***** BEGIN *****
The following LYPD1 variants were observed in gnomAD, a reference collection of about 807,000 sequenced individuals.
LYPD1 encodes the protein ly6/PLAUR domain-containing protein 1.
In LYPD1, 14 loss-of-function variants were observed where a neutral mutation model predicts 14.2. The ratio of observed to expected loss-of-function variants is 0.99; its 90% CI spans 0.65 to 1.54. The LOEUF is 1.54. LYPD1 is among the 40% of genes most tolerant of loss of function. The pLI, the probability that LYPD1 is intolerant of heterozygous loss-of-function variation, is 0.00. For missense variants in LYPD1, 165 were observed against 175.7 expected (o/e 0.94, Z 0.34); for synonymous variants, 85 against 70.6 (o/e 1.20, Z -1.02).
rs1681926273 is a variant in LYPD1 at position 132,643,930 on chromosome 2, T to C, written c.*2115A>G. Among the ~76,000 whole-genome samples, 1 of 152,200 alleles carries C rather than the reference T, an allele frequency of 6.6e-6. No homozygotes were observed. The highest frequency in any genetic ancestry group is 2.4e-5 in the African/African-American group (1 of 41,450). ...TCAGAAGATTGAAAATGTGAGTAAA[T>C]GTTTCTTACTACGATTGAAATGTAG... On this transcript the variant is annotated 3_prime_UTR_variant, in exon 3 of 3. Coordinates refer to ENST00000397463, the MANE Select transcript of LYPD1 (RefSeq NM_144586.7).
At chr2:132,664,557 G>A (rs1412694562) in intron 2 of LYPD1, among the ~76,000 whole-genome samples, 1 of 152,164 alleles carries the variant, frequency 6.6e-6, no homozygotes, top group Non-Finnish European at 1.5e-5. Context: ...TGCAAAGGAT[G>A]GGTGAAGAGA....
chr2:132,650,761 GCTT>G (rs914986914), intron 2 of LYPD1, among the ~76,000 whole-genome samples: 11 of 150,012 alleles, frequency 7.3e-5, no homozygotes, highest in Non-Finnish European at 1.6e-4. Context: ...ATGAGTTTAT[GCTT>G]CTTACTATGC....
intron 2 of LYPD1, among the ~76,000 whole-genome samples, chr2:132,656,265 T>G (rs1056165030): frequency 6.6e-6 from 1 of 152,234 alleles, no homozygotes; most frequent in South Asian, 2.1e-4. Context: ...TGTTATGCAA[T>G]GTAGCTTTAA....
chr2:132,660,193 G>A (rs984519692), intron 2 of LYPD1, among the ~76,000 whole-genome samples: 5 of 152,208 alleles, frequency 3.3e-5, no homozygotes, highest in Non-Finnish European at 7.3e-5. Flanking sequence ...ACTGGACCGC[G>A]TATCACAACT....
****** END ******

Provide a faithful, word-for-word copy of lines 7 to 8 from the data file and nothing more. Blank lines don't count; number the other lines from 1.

intron 2 of LYPD1, among the ~76,000 whole-genome samples, chr2:132,656,265 T>G (rs1056165030): frequency 6.6e-6 from 1 of 152,234 alleles, no homozygotes; most frequent in South Asian, 2.1e-4. Context: ...TGTTATGCAA[T>G]GTAGCTTTAA....
chr2:132,660,193 G>A (rs984519692), intron 2 of LYPD1, among the ~76,000 whole-genome samples: 5 of 152,208 alleles, frequency 3.3e-5, no homozygotes, highest in Non-Finnish European at 7.3e-5. Flanking sequence ...ACTGGACCGC[G>A]TATCACAACT....